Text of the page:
Mayoral Vehicle Unlawful Decision

At the height of lockdown, when Bitou residents were anxiously wondering where their next meal was coming from, the Council decided to play Lady Bountiful. The Mayor would receive, free gratis and for nothing, a luxury limo to cruise as he chooses. On top of this – sort of doubling down by doubling up – his Deputy would get one too. The Councillors must have thought carefully when they embarked upon these transports of delight. Whatever the ifs and buts of the current economic recession, their Mayoralties cannot be expected to travel in their own jalopies and, if the Mayor is to get his Merc, his Deputy should have at least Beemer to tootle around in. Fair’s fair: what’s Mayonnaise for the goose is Mayonnaise for the gander.

There was once precedent for this largesse, and the Councillors were told as much. In the proposal, they learnt that ‘the municipality have been providing over the years a vehicle to the Executive Mayor and recently to the Deputy Executive Mayor.’ The limos, it was explained, are received as ‘part of the tools of trade in execution of responsibilities.’

Mr Mkhefa, who proposed the resolution, reassuringly stated that the acquisitions would be ‘in line with new Cost Containment Regulations’. The Councillors had every reason to take him at his word. He is the Chief Financial Officer and the fact that he currently faces criminal charges of fraud is simply by the by. People are innocent till proved guilty. We know this because we are repeatedly told it.

Unfortunately for them, but fortunately for the ratepayers, Mr Mkhefa is wrong. The “Upper Limits of Councillors’ Remuneration” schedule, has since 2015 closed the loophole by which motor vehicles were treated as ‘tools of trade’.   The so-called Cost Containment regulations are irrelevant.  Now a Councillor (which includes their Worships the Mayors) may only utilize a municipal vehicle in  “exceptional circumstances” and “upon good cause shown” and subject to the “approval of the Mayor or Speaker”. Clearly the provision of a car for regular use is not permitted. Daily trips back and forth to the council chamber are anything but exceptional and there is every reason why, in common with the rest of us, their Worships should use their own devices to get to work and back.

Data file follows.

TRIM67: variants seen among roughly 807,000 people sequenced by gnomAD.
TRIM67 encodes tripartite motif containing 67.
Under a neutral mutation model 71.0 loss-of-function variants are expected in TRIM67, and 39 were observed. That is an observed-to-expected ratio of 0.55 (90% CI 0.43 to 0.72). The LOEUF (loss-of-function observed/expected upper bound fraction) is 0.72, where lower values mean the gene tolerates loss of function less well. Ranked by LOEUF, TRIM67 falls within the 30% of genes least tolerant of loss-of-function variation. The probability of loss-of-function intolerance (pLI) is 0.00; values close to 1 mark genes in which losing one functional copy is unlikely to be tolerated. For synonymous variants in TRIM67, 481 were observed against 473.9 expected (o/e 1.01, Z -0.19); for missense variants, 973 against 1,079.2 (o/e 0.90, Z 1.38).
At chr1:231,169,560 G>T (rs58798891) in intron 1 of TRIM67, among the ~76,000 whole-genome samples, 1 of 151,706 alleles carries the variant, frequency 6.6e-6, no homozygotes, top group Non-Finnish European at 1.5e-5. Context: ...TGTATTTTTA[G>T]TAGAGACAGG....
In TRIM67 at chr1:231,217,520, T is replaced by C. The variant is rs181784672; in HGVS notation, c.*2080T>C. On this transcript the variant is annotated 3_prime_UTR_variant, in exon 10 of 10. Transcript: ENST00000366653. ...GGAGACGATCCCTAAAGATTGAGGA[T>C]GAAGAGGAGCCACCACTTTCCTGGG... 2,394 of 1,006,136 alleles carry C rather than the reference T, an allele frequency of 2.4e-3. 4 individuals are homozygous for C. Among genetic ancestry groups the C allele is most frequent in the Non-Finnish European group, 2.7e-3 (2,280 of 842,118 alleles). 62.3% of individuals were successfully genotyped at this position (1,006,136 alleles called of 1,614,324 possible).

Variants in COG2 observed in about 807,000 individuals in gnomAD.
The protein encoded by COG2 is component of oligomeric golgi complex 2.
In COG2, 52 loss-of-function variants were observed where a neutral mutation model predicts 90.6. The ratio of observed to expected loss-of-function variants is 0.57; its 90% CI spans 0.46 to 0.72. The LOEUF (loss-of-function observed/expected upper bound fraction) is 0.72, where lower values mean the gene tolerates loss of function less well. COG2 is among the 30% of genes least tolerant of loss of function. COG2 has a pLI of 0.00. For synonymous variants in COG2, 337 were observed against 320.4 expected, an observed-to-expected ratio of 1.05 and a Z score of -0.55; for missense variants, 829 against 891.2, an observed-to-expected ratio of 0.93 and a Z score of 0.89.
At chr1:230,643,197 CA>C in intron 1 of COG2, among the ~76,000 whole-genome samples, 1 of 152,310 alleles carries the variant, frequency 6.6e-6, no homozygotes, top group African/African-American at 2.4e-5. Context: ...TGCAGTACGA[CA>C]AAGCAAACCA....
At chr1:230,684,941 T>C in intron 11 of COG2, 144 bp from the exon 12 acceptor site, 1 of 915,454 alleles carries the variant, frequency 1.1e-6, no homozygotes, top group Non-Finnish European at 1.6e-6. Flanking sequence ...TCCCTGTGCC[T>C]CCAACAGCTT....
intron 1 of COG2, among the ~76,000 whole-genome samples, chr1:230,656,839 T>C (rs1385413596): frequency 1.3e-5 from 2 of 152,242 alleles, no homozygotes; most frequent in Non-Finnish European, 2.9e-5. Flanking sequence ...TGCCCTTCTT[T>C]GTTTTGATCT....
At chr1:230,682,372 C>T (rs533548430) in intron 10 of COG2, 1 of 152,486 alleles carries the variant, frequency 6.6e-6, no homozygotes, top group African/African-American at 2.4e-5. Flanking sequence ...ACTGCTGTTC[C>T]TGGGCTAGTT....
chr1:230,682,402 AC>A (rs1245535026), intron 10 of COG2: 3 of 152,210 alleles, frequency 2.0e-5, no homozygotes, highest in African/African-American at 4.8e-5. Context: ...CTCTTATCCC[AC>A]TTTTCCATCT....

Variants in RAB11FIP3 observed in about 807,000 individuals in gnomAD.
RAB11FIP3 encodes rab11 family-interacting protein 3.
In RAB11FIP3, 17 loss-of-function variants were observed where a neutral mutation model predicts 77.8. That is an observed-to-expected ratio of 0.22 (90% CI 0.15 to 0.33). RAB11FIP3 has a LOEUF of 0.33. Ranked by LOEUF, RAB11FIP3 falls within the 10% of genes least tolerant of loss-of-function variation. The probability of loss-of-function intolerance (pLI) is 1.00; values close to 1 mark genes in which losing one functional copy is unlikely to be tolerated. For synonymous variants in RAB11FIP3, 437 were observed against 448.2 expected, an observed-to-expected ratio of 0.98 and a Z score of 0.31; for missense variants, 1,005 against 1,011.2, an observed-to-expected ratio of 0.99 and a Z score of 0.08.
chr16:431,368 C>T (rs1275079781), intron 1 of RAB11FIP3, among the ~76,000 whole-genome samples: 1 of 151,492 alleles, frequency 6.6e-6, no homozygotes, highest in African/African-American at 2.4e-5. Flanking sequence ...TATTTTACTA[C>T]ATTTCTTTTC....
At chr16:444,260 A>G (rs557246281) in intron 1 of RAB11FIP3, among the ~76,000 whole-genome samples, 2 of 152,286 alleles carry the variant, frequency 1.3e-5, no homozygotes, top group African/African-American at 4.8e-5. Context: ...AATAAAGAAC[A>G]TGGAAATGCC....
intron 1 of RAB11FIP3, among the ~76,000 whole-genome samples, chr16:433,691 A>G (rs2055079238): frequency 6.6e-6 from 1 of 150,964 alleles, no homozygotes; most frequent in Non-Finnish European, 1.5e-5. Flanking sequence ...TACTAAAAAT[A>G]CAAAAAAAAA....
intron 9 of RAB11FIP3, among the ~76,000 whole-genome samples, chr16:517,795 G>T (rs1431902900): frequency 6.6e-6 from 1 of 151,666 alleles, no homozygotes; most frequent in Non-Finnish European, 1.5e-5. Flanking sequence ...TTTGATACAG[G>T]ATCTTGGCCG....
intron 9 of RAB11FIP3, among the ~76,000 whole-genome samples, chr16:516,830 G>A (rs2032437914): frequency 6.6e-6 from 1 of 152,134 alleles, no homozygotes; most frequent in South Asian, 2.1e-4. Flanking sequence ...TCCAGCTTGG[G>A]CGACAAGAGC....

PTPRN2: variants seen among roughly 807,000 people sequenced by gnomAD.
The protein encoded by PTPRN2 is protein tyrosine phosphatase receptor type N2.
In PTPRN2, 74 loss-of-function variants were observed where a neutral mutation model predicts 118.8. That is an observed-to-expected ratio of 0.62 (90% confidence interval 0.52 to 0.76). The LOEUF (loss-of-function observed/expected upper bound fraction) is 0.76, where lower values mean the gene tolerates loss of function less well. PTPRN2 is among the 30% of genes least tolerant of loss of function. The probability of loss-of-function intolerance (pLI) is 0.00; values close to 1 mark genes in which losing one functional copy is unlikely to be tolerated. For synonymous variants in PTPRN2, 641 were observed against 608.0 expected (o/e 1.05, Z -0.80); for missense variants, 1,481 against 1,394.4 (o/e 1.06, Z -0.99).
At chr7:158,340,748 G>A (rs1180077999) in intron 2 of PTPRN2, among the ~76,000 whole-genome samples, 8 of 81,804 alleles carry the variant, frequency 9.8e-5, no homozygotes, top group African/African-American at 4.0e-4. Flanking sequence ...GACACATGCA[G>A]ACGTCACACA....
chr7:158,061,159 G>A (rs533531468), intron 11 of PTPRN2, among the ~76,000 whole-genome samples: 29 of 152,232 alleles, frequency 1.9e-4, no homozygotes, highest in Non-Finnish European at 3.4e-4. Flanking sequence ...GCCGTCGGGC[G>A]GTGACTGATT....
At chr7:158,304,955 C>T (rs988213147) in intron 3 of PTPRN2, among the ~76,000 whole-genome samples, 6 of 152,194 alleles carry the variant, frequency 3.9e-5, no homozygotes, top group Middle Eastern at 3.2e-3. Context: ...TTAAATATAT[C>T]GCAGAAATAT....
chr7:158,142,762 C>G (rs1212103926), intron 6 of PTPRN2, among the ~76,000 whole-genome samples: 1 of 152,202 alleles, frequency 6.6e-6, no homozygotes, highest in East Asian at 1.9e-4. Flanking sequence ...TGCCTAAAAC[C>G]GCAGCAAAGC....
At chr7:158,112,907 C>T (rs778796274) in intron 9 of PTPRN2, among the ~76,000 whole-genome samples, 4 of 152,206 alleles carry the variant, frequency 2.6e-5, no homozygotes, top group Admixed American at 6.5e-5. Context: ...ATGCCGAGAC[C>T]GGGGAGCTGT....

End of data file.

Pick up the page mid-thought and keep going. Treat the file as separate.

We have warned the Council not to proceed with the resolution. If they do not back down, your Association will force it to do so by legal action.

As the old saying goes: ‘It is better to take the Beemer out of your own eyrie before taking the motor out of another’s.’


Peter Gaylard